THE DARK MIRROR is the first book in Juliet Marillier's Bridei Chronicles.Bridei is a young nobleman fostered at the home of Broichan, one of the most powerful druids in the land. His earliest memories are not of hearth and kin but of this dark stranger who while not unkind is mysterious in his ways. The tasks that he sets Bridei appear to have one goal-to make him a vessel for some distant purpose. What that purpose is Bridei cannot fathom but he trusts the man and is content to learn all he can about the ways of the world.But something happens that will change Bridei's world forever...and possible wreck all of Broichan's plans. For Bridei finds a child on their doorstep on a bitter MidWinter Eve, a child seemingly abandoned by the fairie folk. It is uncommonly bad luck to have truck with the Fair Folk and all counsel the babe's death. But Bridei sees an old and precious magic at work here and heedless of the danger fights to save the child. Broichan relents but is wary.The two grow up together and as Bridei comes to manhood he sees the shy girl Tuala blossom into a beautiful woman. Broichan sees the same process and feels only danger...for Tuala could be a key part in Bridei's future...or could spell his doom. At the publisher's request, this title is being sold without Digital Rights Management software (DRM) applied.
Having given pre-Celtic Scotland a once-over in Wolfskin (2003) and Foxmask (2004), Australian author Marillier returns with a much more in-depth study that draws on what little history is known and surrounds it with the pretty boy-meets-girl story of Bridei, a boy raised by a group of wily councilors determined to mold him into a king who can reunite their divided land, and Tuala, his fey-born adopted sister who runs wild while he studies and is outcast where he is welcome. No one familiar with the current crop of historical fantasy will be in the least surprised by Bridei's extraordinary ability to command both men and magic, or Tuala's struggle to be accepted as a strong-willed and intelligent woman in an alien and prejudiced society. Yet somehow, carefully rounding her characters and paying exquisite attention to detail, Marillier pulls it off so well that you completely forget you've read essentially the same story a hundred times before. Fans of Judith Tarr, in whose footsteps this tale meticulously treads, will be enthralled, and the happy ending--all too rare in first volumes of series, and only slightly overshadowed by the inevitable dark portents--will encourage new readers to seek out both future installments and past publications.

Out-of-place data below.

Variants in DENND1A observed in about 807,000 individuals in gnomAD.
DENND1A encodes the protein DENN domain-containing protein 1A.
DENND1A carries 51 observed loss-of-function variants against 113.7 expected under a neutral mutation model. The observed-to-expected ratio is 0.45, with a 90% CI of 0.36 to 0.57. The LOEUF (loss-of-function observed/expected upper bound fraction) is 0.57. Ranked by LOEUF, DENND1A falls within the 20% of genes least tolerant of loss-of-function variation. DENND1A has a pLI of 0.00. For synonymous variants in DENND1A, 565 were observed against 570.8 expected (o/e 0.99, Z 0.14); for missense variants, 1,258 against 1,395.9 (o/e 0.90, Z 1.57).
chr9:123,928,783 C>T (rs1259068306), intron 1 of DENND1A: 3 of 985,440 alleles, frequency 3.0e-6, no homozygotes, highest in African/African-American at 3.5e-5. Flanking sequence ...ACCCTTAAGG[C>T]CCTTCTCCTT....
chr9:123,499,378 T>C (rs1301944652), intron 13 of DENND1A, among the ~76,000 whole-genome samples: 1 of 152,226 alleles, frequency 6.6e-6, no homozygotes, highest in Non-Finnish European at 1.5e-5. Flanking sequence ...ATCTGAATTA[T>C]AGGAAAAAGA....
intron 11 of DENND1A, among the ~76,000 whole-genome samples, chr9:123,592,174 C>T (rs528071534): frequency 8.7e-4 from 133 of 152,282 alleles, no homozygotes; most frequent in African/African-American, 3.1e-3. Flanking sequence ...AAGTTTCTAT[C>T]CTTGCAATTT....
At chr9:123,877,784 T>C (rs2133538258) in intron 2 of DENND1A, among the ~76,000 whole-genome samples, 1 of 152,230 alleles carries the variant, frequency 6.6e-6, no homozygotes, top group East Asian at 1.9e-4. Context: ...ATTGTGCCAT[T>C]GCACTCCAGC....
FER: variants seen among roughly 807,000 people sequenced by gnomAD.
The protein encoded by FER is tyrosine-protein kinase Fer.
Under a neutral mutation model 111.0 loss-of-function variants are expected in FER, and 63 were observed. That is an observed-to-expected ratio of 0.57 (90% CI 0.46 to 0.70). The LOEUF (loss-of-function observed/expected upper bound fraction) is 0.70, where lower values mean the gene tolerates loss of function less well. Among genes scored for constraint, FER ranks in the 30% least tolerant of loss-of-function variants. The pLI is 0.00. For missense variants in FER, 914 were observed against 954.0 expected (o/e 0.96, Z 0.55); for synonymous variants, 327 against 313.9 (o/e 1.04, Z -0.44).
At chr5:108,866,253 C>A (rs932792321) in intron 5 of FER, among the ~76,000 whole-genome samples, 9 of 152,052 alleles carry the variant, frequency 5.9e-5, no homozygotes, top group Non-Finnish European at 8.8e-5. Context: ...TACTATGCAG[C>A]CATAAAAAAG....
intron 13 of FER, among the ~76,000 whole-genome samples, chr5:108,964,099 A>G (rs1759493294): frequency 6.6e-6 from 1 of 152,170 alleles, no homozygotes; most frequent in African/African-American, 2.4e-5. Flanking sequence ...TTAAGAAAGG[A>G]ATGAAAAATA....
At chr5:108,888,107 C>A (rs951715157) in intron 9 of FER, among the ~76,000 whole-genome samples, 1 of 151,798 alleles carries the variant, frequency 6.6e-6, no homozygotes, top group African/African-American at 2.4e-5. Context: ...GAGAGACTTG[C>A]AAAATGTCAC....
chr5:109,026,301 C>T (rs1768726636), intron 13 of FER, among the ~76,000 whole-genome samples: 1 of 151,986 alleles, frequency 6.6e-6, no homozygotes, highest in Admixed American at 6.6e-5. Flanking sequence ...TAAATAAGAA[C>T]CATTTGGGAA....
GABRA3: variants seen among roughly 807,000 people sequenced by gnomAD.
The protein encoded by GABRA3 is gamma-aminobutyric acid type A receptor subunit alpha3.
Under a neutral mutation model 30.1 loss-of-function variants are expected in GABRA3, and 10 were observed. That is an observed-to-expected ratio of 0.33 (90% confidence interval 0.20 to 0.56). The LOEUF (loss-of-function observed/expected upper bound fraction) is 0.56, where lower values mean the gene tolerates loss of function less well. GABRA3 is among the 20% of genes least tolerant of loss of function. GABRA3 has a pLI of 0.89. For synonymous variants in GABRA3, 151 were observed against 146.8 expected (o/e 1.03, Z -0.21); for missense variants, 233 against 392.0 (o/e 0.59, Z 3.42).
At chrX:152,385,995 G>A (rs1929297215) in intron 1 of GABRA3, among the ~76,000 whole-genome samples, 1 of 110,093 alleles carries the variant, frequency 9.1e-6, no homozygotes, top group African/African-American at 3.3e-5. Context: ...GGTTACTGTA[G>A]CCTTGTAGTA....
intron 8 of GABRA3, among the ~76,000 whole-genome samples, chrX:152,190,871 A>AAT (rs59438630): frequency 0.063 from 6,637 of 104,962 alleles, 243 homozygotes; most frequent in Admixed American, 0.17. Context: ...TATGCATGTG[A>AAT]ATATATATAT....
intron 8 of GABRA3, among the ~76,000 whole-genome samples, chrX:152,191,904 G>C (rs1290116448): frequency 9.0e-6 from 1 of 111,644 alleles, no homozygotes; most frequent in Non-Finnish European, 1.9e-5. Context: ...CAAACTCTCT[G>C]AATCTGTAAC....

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June 12, 2006
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